Please use this identifier to cite or link to this item: https://hdl.handle.net/10356/163600
Title: Three essays on corporate finance
Authors: Qu, Chengyuan
Keywords: Business::Finance::Corporate finance
Issue Date: 2022
Publisher: Nanyang Technological University
Source: Qu, C. (2022). Three essays on corporate finance. Doctoral thesis, Nanyang Technological University, Singapore. https://hdl.handle.net/10356/163600
Abstract: This dissertation includes three essays on corporate finance. Chapter 1 discusses whether and how the voting for governance proposals is priced in the option market. By exploiting the local randomness in close-call votes, this paper finds a causal impact of passing a governance-related proposal on the cost of stock option protection against downside tail risks. In a local regression discontinuity (RD) analysis, firms that narrowly pass the majority threshold show a lower ex-ante tail risk based on implied volatility smirk and model-free implied skewness (MFIS) than those that narrowly fail. This impact is strengthened for firms with weaker corporate governance, higher information transparency, and worse operating performance. Evidence from option trading suggests that the change in ex-ante tail risk mainly comes from trading activities in put options. In additional tests, I observe that this impact mainly comes from proposals that aim to remove management entrenchment provisions, and the impact is unique in the option market and can not be explained by realized tail risk. Evidence from financial restatement as an extreme case strengthens the link between governance proposal voting and ex-ante tail risk. Overall, this paper observes how the stock option market responds to shareholder activism through shareholder proposals and sheds light on the cross-sectional determinants of option prices. Chapter 2 shows how competition threats from local laws affect corporate financial reporting in terms of earnings management. By exploiting the staggered reforms on competition laws in 58 non-US countries, we find that, conditional on product market features, firms tend to inflate their earnings when domicile countries adopt stricter competition laws, which supports the pressure effect of legal competition threats. This impact is stronger for firms facing greater external pressure, receiving less external discipline, and lacking information transparency. In cross-country analyses, the impact is mitigated in IFRS countries and countries with stronger investor protection. Firms with greater internationalization suffer less from stricter competition laws in domicile countries. Evidence from machine learning algorithms suggests the unique impact of competition laws that can not be predicted by other codependent macro-features. By showing earnings inflation under stricter competition laws, this paper suggests a material impact of antitrust laws on firms’ financial reporting practices by increasing managers’ pressure, which should not be neglected by policymakers. Chapter 3 discusses how active attention through EDGAR affects stock price crash risk, which suggests the pressure effect of modern information technologies on managers’ disclosure behaviors. This paper examines how modern information technologies affect future stock price crash risk. Using EDGAR search volume (ESV) as a direct measure, we find that firms under greater active attention through EDGAR tend to hide bad news and release it subsequently, thus increasing future stock price crash risk. EDGAR attention to non-financial information and abnormal EDGAR attention drive the results. The impact of EDGAR attention is stronger for firms with higher ex-ante cost of bad news disclosure, which indicates that modern information technologies affect managers by increasing the exposure of bad news to the public. Evidence from option prices, management guidance, and accounting practices further confirms managers’ tendency to hide bad news under greater EDGAR attention. Three plausible natural experiments based on the implementation of EDGAR, shareholder distraction from unrelated industries, and the mandatory adoption of XBRL provide a causal inference. By providing systematic evidence on the impact of active attention through EDGAR on stock price crash risk, this paper sheds light on the pressure effect of EDGAR users’ attention on managers’ strategic bad news disclosure and a side effect of modern information technologies.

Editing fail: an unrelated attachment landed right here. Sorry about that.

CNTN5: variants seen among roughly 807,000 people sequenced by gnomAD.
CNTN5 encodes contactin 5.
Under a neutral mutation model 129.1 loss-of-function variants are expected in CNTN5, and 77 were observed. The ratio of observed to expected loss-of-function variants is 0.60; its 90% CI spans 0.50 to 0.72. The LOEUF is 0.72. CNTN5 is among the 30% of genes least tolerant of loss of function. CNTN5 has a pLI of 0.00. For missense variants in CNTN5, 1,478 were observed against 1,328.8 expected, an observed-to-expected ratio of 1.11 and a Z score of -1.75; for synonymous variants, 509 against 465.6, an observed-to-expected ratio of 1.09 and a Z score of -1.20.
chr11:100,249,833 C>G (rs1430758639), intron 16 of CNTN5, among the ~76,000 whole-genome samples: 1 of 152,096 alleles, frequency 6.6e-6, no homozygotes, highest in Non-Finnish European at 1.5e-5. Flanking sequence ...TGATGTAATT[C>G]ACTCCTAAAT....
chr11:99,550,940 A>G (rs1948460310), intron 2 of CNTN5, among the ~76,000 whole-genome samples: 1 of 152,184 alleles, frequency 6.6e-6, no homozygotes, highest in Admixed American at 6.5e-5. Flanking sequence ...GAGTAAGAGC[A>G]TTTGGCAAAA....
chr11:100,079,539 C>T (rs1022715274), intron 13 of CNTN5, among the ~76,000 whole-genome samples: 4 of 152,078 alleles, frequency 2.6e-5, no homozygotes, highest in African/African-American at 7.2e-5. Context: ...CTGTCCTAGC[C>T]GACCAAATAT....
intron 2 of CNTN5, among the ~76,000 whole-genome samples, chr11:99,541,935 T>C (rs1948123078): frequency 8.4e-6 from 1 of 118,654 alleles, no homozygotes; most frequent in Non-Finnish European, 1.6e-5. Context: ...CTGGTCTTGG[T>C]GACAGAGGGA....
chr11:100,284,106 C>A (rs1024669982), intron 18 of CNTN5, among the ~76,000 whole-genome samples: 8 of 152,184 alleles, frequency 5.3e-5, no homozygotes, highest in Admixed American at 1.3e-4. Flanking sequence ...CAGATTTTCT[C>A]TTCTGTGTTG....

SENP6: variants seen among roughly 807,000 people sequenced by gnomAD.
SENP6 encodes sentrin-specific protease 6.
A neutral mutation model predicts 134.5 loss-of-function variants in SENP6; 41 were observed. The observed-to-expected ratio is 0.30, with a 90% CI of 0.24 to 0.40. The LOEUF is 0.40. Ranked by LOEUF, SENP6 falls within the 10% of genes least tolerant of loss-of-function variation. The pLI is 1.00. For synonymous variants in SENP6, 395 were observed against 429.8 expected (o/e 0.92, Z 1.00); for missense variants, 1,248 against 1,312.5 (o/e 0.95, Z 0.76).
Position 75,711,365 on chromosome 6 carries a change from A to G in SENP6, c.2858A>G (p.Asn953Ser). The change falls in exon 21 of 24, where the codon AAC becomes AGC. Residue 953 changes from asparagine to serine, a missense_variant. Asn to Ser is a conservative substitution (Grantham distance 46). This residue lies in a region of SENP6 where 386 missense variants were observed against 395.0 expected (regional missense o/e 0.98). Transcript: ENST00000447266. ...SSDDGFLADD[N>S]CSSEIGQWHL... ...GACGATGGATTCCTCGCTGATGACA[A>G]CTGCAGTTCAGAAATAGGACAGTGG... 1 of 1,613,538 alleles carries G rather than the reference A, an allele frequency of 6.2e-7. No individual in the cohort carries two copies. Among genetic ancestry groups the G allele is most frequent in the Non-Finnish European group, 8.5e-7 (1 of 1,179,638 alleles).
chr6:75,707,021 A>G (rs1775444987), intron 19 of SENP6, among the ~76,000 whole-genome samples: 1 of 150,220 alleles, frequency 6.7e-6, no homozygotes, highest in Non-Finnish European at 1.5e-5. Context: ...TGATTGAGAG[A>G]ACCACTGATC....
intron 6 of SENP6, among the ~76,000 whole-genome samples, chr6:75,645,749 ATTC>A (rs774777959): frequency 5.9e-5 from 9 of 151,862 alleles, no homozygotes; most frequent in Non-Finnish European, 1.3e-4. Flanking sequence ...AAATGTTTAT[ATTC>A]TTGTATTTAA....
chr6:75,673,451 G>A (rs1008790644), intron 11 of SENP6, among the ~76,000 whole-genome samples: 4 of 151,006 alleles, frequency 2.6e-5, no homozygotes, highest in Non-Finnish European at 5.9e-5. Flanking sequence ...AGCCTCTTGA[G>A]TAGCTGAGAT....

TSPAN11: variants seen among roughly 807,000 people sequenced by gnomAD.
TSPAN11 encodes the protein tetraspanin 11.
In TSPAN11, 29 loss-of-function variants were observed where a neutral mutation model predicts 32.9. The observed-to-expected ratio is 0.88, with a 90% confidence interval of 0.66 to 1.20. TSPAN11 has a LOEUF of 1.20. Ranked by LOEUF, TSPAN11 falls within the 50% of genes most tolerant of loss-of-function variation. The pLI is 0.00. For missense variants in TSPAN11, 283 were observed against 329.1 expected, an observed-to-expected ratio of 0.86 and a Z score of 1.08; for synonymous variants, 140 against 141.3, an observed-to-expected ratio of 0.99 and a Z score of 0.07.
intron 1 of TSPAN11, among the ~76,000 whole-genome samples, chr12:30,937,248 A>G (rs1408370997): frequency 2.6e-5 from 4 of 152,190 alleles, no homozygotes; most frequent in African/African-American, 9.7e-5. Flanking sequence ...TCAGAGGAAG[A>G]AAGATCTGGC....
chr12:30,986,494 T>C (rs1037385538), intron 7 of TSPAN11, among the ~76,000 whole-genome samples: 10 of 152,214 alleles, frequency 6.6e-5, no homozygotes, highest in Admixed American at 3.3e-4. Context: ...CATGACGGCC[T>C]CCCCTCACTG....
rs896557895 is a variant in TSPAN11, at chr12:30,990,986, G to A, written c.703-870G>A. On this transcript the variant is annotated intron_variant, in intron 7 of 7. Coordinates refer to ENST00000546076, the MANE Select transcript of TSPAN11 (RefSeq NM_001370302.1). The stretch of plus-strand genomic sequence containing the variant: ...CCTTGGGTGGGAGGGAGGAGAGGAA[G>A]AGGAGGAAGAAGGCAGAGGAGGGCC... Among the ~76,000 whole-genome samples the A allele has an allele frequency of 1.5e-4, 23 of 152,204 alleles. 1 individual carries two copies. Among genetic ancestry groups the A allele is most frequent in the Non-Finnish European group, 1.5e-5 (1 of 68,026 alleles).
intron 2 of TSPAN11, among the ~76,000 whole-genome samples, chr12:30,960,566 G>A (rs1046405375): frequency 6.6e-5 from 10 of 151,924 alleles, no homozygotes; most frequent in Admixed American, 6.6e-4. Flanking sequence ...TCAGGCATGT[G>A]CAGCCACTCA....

URI: https://hdl.handle.net/10356/163600
DOI: 10.32657/10356/163600
Rights: This work is licensed under a Creative Commons Attribution-NonCommercial 4.0 International License (CC BY-NC 4.0).
Fulltext Permission: open
Fulltext Availability: With Fulltext
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